If you want a no-frills, budget-friendly smart lock to share access to your home via your phone, check out the August Smart. The lock is installed directly on top of the deadbolt you already have, simplifying the installation and requiring no new keys. Once installed, it uses simple Bluetooth key functionality to lock/unlock upon pressing a button within the phone app. You can also set it to automatically unlock when you and your phone approach the door and lock when you leave. Most importantly, you can share access with anyone who has a smartphone, and you can limit when those people can open the door. For example, you can give your dog walker access only for an hour in the morning and another hour in the afternoon.
The ULTRALOQ U-Bolt Pro offers just about every smart feature you could imagine. You can gain and share access via time-constrained Bluetooth keys, fingerprint scans, key codes, geofencing (automatically unlock as you approach), and an old-fashioned key. It can also link to Alexa and Google Assistant for voice control and boasts If This Then That (IFTTT) support that allows it to link up with other components of many smart homes. It offers a unique "magic shake" feature that allows you to unlock just by shaking your phone in front of it (currently, you must open the app to do this, which sort of defeats the purpose, but reports are that it will eventually work in the background). We also love the unique micro USB hub that lets you power the lock from an external source in the event of a battery outage.
Steven Tata and Max Mutter have developed their expertise in smart home devices over the past 4 years. In that span, they've used just about every smart speaker on the market, have lived with more than a dozen different WiFi security cameras in their homes, used an army of robot vacuums to clean their floors, driven around with more dashboard cameras than you can shake a stick at, and now, have used multiple different smart locks on their own front doors. Throughout that process, they've become familiar with the various smart hubs used by many of these devices and have a good sense of when these gadgets are adding value to their daily routines and when they're just serving up unnecessary complications.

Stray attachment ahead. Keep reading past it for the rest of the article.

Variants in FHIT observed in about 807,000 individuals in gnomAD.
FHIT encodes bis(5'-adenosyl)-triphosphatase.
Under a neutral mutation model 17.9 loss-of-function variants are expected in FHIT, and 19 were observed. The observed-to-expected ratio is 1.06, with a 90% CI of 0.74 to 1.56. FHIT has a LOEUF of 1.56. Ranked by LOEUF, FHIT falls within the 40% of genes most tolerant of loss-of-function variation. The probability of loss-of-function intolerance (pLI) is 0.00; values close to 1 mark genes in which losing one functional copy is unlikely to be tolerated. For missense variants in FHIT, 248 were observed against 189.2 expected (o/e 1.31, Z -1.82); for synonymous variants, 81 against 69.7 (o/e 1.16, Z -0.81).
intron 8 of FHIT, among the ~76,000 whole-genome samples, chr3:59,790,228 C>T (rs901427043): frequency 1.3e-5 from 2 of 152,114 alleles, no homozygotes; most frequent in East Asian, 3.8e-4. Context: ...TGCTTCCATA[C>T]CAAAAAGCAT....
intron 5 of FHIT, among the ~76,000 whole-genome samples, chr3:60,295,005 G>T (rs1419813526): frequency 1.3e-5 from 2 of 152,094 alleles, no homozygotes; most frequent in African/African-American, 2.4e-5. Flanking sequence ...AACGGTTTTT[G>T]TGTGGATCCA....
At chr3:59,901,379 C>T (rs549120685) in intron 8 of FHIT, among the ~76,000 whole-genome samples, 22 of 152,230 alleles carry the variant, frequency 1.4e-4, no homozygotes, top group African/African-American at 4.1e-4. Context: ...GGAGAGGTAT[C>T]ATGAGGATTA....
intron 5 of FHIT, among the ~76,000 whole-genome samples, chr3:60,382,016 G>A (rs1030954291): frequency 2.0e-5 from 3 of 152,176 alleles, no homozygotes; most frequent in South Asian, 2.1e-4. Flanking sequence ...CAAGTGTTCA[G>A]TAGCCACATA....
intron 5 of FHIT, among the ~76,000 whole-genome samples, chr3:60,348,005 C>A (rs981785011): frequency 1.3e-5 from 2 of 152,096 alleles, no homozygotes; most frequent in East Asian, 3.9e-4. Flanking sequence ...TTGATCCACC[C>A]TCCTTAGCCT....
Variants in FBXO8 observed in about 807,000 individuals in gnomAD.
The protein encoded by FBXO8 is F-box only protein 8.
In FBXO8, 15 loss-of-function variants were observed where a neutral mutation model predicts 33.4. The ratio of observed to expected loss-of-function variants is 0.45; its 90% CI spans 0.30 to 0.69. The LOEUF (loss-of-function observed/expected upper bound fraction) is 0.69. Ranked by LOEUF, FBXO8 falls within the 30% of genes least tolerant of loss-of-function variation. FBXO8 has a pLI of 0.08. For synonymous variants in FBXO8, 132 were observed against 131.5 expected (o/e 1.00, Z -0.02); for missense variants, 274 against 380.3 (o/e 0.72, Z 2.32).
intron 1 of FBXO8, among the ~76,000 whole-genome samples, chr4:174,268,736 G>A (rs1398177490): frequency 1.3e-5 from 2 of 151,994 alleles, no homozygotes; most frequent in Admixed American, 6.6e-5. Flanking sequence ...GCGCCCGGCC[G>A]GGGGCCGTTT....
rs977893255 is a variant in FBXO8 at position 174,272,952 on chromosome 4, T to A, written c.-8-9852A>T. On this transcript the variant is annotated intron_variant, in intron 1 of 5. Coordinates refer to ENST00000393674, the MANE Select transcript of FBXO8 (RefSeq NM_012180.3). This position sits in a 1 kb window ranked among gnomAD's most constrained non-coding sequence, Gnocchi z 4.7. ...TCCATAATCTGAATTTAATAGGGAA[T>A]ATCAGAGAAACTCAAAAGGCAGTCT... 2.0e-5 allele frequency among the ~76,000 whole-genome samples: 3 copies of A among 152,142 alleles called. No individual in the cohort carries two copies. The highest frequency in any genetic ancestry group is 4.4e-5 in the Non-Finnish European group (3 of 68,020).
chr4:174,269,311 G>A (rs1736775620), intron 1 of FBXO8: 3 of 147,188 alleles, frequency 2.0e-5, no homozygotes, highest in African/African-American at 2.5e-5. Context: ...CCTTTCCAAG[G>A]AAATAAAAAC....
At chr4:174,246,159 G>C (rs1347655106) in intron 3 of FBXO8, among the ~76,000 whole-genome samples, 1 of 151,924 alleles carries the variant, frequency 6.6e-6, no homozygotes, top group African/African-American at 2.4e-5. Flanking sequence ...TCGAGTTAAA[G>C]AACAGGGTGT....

Smart locks have a fairly narrow price range — most retailing in the neighborhood of a couple hundred dollars. Those that cost less generally don't come with an included smart hub. That means you'll need to spend more on a hub to access their smart features. Therefore, the top performer is also the best value, making the Schlage Encode our first recommendation for the vast majority of people. For those seeking more basic features and simple utility, the August Smart provides a great and slightly less expensive option.
Smart locks carry a hefty price premium when compared to their traditional counterparts, so they need to offer reliable and useful smart features to be a worthwhile purchase. We used every smart feature these locks offer, side-by-side, to assess both the relative usability and reliability of all of them. This includes features like Bluetooth entry, keypad entry, compatibility with smart home platforms (e.g., Alexa, Apple HomeKit, Google Home), and activity logs. Much of our testing focused on granting third parties access to the lock remotely, as this is one of the most useful and common applications of smart lock technology. Generally, we found models that require using an app to share access somewhat clunky and unreliable, while those that utilize a keypad and temporary codes for access to be much more user-friendly.